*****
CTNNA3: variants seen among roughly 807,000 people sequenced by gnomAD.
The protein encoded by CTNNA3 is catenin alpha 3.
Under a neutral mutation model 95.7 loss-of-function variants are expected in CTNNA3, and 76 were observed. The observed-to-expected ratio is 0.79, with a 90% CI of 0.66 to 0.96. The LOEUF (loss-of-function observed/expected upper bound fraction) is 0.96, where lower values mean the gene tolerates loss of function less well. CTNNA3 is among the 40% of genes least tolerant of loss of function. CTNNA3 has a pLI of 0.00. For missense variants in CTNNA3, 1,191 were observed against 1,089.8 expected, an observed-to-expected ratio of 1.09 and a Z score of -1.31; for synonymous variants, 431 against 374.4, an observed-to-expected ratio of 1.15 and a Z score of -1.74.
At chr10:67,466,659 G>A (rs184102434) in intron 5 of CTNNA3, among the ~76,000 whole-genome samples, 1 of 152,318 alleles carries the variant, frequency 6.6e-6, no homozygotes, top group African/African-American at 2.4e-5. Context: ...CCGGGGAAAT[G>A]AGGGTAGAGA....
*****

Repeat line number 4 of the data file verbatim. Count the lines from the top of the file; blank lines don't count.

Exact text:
At chr10:67,466,659 G>A (rs184102434) in intron 5 of CTNNA3, among the ~76,000 whole-genome samples, 1 of 152,318 alleles carries the variant, frequency 6.6e-6, no homozygotes, top group African/African-American at 2.4e-5. Context: ...CCGGGGAAAT[G>A]AGGGTAGAGA....